Mexico’s Supreme Court Hires TikTok Celebrity

TikTok celebrity Cristian Magazo. Photo: Facebook


Former Mexican Supreme Court (SCJN) Chief Justice Arturo Zaldívar ordered the hiring of Cristian Edgar Guerrero Flores — more popularly known as Cristian Magazo — a TikTok celebrity, “for advice on managing social media posts and production and content creation,” for which Guerrero Flores, who took the job on Aug. 2022, was allegedly paid 93,522 pesos a month of taxpayers’ money, according to a report on Wednesday, March 22, by Mexican daily newspaper Reforma.

Zaldívar stepped down from his post on Jan. 1 of this year, but Guerrero Flores continues to work for the SCJN in a different capacity — as “content manager and follow-up assistant,” according to the Reforma report — which pays him “36,117 pesos a month plus benefits.”

Guerrero Flores has a law degree from the National Autonomous University of Mexico (UNAM), but became famous for his TikTok and YouTube videos. As a content creator and influencer, he has accumulated 1.7 million followers on TikTok, more than 76,200 followers on Instagram, 1,464 on Twitter and 4,900 on Facebook. He also has 38,900 subscribers on YouTube.

Guerrero Flores became popular on TikTok in 2020, at the height of the the covid-19 pandemic, for his videos on legal issues in which he gives quick and funny explanations. Upon his hiring by the SCJN in August, Guerrero Flores reported to Alejandra Spitalier, general secretary of the SCJN, and the closest official to Zaldívar at that time.

Zaldívar is known as a TikTok content creator himself, and started posting his own videos in September 2021. When he stepped down as chief justice early this year, Zaldívar even made it known — through a TikTok post, of course — that he would not leave the social media platform and would continue to produce videos.

“Thank you for asking me not to leave; I am leaving as chief justice of the court, but not TikTok. We will continue to see each other,” said Zaldívar in the video.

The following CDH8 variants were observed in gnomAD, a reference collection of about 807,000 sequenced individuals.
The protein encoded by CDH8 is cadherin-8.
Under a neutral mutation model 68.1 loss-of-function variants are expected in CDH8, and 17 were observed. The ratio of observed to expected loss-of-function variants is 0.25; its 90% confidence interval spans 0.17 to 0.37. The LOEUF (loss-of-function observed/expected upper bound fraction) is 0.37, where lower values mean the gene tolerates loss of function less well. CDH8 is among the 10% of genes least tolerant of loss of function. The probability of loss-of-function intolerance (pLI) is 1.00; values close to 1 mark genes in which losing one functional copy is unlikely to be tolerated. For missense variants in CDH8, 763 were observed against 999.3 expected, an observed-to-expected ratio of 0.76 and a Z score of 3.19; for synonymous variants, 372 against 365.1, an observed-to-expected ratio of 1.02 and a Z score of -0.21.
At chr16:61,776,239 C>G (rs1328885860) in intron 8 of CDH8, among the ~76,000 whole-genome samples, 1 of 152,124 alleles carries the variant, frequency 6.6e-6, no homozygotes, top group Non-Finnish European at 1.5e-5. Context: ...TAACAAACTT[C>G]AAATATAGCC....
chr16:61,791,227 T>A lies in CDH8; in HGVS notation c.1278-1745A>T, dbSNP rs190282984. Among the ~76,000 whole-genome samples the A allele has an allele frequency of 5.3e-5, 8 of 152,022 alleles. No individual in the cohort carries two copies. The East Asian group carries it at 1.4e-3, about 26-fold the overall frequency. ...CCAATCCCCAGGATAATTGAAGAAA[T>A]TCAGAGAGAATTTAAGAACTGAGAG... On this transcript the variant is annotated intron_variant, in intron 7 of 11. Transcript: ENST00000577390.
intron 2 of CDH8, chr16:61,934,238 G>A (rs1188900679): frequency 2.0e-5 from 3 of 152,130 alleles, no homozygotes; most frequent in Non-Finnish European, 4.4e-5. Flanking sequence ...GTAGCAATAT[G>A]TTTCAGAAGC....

Zaldívar has been giving legal advice through his TikTok channel, the most recent of which was a video of him explaining that “infidelity is no longer a crime in Mexico.”

In a column for business-focused Mexican daily El Economista on Oct. 26, titled “What is Minister Zaldívar looking for with his TikTok account?” journalist Ivan Quezada wondered whether the former chief justice jumped on the platform to make himself “more popular among the population.”

“Social networks function as a political dissemination tool for candidates who want to maintain a presence during the electoral processes, but they also help other characters to raise their image and make them more popular among the population,” Quezada wrote. “Is this the case of the (former) Supreme Court chief justice with his account on TikTok?”

Zaldívar has been known on several occasions to rule in favor of President Andrés Manuel López Obrador’s (AMLO) initiatives, chief among them the decree ordering the nation’s military to participate in public security work, and the electricity reform that prioritizes state-run carbon-based energy sources over clean alternatives.

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